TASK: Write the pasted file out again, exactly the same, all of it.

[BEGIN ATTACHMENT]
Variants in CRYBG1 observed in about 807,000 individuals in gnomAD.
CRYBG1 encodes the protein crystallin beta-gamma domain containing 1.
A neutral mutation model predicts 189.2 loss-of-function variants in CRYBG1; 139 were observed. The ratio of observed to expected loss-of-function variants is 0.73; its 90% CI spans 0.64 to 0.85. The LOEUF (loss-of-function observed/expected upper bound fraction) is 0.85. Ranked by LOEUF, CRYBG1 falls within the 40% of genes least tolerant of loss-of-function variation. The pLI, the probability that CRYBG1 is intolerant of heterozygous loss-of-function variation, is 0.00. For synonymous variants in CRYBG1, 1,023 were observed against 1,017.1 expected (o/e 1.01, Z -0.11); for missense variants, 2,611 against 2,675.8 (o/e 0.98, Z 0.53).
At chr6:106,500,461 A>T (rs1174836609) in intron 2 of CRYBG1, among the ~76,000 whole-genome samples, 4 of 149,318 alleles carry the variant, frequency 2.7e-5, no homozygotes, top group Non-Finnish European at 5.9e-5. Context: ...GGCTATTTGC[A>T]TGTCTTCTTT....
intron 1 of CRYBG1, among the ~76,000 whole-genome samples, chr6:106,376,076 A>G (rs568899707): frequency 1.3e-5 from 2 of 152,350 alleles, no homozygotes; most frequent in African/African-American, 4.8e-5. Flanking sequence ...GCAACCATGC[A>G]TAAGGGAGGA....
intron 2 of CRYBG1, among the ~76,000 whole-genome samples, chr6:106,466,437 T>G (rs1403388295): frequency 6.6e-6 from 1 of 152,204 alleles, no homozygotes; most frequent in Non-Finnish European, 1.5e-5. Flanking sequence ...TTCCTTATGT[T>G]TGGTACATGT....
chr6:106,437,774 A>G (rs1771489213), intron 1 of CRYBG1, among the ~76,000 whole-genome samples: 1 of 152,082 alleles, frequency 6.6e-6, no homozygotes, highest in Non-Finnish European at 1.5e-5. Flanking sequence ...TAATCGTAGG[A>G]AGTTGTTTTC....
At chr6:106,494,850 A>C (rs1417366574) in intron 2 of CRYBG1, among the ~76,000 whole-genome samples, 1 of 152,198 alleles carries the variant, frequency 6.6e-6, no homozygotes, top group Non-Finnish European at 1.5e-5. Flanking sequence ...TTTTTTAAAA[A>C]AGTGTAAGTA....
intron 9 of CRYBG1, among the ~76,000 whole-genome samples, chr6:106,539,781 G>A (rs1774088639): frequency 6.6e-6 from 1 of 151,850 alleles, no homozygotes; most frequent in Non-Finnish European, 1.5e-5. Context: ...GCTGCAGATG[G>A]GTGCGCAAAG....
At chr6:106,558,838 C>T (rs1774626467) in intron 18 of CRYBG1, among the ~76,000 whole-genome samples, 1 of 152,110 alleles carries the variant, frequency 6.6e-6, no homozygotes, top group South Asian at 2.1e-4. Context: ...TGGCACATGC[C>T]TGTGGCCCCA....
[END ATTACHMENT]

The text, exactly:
Variants in CRYBG1 observed in about 807,000 individuals in gnomAD.
CRYBG1 encodes the protein crystallin beta-gamma domain containing 1.
A neutral mutation model predicts 189.2 loss-of-function variants in CRYBG1; 139 were observed. The ratio of observed to expected loss-of-function variants is 0.73; its 90% CI spans 0.64 to 0.85. The LOEUF (loss-of-function observed/expected upper bound fraction) is 0.85. Ranked by LOEUF, CRYBG1 falls within the 40% of genes least tolerant of loss-of-function variation. The pLI, the probability that CRYBG1 is intolerant of heterozygous loss-of-function variation, is 0.00. For synonymous variants in CRYBG1, 1,023 were observed against 1,017.1 expected (o/e 1.01, Z -0.11); for missense variants, 2,611 against 2,675.8 (o/e 0.98, Z 0.53).
At chr6:106,500,461 A>T (rs1174836609) in intron 2 of CRYBG1, among the ~76,000 whole-genome samples, 4 of 149,318 alleles carry the variant, frequency 2.7e-5, no homozygotes, top group Non-Finnish European at 5.9e-5. Context: ...GGCTATTTGC[A>T]TGTCTTCTTT....
intron 1 of CRYBG1, among the ~76,000 whole-genome samples, chr6:106,376,076 A>G (rs568899707): frequency 1.3e-5 from 2 of 152,350 alleles, no homozygotes; most frequent in African/African-American, 4.8e-5. Flanking sequence ...GCAACCATGC[A>G]TAAGGGAGGA....
intron 2 of CRYBG1, among the ~76,000 whole-genome samples, chr6:106,466,437 T>G (rs1403388295): frequency 6.6e-6 from 1 of 152,204 alleles, no homozygotes; most frequent in Non-Finnish European, 1.5e-5. Flanking sequence ...TTCCTTATGT[T>G]TGGTACATGT....
chr6:106,437,774 A>G (rs1771489213), intron 1 of CRYBG1, among the ~76,000 whole-genome samples: 1 of 152,082 alleles, frequency 6.6e-6, no homozygotes, highest in Non-Finnish European at 1.5e-5. Flanking sequence ...TAATCGTAGG[A>G]AGTTGTTTTC....
At chr6:106,494,850 A>C (rs1417366574) in intron 2 of CRYBG1, among the ~76,000 whole-genome samples, 1 of 152,198 alleles carries the variant, frequency 6.6e-6, no homozygotes, top group Non-Finnish European at 1.5e-5. Flanking sequence ...TTTTTTAAAA[A>C]AGTGTAAGTA....
intron 9 of CRYBG1, among the ~76,000 whole-genome samples, chr6:106,539,781 G>A (rs1774088639): frequency 6.6e-6 from 1 of 151,850 alleles, no homozygotes; most frequent in Non-Finnish European, 1.5e-5. Context: ...GCTGCAGATG[G>A]GTGCGCAAAG....
At chr6:106,558,838 C>T (rs1774626467) in intron 18 of CRYBG1, among the ~76,000 whole-genome samples, 1 of 152,110 alleles carries the variant, frequency 6.6e-6, no homozygotes, top group South Asian at 2.1e-4. Context: ...TGGCACATGC[C>T]TGTGGCCCCA....